UI toolkits for Python
aleaxit at yahoo.com
Wed Oct 19 08:23:20 CEST 2005
Mike Meyer <mwm at mired.org> wrote:
> aleaxit at yahoo.com (Alex Martelli) writes:
> > Mike Meyer <mwm at mired.org> wrote:
> >> What surprises me is that marketing types will accept turning away -
> >> what's the current internet user base? 200 million? - 10 million
> >> potential customers without a complaint. Or maybe they just don't get
> >> told that that's what's going on.
> > In firms where marketing has lots of power, they may indeed well decide
> > to pursue those "10 millions" by demanding an expenditure of effort
> > that's totally out of proportion
> What makes you think that the expenditure of effort is "totally out of
> proportion"? In my experience, that isn't the case - at least if you
> go into it planning on doing things that way. Retrofitting a site that
> was built without any thought but "make it work in my favoriter
> browser in my favorite configuration" can be a radically different
Why, of course -- coding a site to just one browser would be foolish
(though there exist sites that follow that strategy, it's still
despicable). What I'm talking about is sites that are _supposed_ to be
able to support a dozen browsers, in three or four versions each, not to
mention a dozen features each of which the user "might" have chosen to
disable (for a total of 2**12 == 4096 possibilities). Of course, the
site's poor authors cannot possibly have tested the 4096 * 12 * 3.5
possibilities, whence the "_supposed_ to be".
We ARE talking about moving from supporting 95% to supporting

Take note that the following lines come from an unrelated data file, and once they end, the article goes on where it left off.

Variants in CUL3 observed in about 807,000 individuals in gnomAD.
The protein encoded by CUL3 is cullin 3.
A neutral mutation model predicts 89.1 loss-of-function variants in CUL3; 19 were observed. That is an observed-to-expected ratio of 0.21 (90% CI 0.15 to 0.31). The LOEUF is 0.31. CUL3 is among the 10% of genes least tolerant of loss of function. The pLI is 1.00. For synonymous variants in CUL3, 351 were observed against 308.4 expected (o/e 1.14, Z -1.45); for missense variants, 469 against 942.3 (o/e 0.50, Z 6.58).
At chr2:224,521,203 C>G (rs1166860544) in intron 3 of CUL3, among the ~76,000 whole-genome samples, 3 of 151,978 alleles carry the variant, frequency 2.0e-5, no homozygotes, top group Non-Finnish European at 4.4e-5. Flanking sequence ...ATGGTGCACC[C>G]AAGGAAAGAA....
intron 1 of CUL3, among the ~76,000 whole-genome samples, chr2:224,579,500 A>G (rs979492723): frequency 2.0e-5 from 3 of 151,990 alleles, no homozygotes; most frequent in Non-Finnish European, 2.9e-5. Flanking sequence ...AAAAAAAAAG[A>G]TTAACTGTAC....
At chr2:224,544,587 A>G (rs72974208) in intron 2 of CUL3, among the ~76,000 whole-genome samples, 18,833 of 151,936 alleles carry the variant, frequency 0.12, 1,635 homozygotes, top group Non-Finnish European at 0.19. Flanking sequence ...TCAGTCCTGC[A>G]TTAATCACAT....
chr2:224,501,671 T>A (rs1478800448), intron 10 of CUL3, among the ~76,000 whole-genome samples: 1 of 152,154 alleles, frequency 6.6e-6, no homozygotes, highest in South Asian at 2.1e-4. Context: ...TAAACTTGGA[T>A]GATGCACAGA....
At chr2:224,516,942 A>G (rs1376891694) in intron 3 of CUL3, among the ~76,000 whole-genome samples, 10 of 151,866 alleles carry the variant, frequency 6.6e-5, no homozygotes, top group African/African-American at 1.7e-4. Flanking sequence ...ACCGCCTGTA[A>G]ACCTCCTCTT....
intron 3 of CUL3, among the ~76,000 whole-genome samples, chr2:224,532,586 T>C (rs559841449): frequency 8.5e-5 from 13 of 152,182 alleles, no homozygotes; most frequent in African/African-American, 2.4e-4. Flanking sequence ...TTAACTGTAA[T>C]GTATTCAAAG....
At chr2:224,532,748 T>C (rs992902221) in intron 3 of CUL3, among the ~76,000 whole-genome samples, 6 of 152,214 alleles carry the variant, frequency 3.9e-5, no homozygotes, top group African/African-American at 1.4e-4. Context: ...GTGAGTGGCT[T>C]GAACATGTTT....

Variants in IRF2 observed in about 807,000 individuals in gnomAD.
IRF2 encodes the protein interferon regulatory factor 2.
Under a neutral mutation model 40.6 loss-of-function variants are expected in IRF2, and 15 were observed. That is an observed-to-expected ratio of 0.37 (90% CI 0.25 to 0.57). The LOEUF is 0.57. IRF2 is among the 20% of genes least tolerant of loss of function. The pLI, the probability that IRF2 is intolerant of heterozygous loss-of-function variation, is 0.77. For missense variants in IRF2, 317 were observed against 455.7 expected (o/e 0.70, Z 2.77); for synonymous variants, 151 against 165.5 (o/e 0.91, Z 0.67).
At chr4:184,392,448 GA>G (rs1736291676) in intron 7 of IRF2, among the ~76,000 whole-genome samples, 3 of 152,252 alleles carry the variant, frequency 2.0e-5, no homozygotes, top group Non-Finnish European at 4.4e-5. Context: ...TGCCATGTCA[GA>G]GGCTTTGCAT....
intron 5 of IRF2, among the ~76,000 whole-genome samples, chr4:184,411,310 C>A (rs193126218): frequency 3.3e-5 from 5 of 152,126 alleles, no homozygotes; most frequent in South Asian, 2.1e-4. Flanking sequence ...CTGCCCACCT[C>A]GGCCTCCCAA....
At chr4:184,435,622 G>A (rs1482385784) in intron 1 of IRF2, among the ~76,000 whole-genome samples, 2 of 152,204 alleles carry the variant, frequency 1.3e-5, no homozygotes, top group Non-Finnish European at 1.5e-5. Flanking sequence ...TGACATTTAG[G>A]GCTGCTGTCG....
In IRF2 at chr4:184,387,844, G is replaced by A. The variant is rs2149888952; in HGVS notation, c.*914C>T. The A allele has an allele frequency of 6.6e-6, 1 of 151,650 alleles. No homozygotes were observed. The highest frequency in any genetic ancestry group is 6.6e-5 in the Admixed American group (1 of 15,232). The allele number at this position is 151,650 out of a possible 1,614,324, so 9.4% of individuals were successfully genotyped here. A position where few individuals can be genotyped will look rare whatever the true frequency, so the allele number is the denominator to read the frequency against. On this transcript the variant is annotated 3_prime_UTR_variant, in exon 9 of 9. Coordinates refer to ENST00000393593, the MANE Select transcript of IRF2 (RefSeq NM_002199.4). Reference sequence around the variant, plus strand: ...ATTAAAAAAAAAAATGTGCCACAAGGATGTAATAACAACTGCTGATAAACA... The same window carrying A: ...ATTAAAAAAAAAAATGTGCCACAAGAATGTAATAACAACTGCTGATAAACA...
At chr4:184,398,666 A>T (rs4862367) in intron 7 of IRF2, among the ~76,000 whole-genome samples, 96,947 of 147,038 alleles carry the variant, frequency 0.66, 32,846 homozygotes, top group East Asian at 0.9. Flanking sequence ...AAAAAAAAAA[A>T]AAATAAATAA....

(*supposedly*!) 100%, after all -- very much into the long, *LONG* tail
of obscure buggy versions of this browser or that, which SOME users
within those last centiles may have forgotten to patch/upgrade, etc.
And THAT is what makes the effort totally out of proportion (differently
from the effort to go from 60% to 95%, which, while far from negligible,
is well within sensible engineering parameters).
> > Maybe that's part of the explanation for the
> > outstanding success of some enterprises founded by engineers, led by
> > engineers, and staffed overwhelmingly with engineers, competing with
> > other firms where marketing wield power...?
> You mean like google? Until recently, they're an outstanding example
> of doing things right, and providing functionality that degrades
> gracefully as the clients capabilities go down.
I'm not sure what you mean by "until recently" in this context. AFAIK,
we've NEVER wasted our efforts by pouring them into the quixotic task of
supporting *100%* of possible browsers that may hit us, with the near
infinite number of combinations of browsers, versions and disabled
feature that this would require. One may quibble whether the target
percentage should be, say, 93%, 95%, or 97%, and what level of
degradation can still be considered "graceful" around various axes, but
the 100% goal which you so clearly imply above would, in my personal
opinion, be simply foolish now, just as it would have been 3 years ago.
More information about the Python-list